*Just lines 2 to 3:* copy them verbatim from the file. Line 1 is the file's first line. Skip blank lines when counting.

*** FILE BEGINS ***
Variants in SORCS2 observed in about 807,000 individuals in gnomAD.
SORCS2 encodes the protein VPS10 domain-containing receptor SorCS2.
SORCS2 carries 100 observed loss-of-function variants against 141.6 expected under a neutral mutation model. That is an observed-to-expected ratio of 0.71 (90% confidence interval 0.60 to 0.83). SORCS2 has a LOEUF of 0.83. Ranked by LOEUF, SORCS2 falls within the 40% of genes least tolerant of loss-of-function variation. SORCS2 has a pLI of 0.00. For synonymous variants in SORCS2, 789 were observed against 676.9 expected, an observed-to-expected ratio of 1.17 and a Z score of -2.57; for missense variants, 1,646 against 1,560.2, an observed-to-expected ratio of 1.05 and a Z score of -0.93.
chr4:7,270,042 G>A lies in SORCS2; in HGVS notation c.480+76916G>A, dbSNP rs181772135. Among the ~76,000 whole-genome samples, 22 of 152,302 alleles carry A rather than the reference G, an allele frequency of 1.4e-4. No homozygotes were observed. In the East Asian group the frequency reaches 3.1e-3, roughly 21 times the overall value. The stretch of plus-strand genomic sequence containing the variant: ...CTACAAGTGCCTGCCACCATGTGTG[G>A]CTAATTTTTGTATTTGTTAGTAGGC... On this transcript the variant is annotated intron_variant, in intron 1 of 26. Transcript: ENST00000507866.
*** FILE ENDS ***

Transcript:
SORCS2 encodes the protein VPS10 domain-containing receptor SorCS2.
SORCS2 carries 100 observed loss-of-function variants against 141.6 expected under a neutral mutation model. That is an observed-to-expected ratio of 0.71 (90% confidence interval 0.60 to 0.83). SORCS2 has a LOEUF of 0.83. Ranked by LOEUF, SORCS2 falls within the 40% of genes least tolerant of loss-of-function variation. SORCS2 has a pLI of 0.00. For synonymous variants in SORCS2, 789 were observed against 676.9 expected, an observed-to-expected ratio of 1.17 and a Z score of -2.57; for missense variants, 1,646 against 1,560.2, an observed-to-expected ratio of 1.05 and a Z score of -0.93.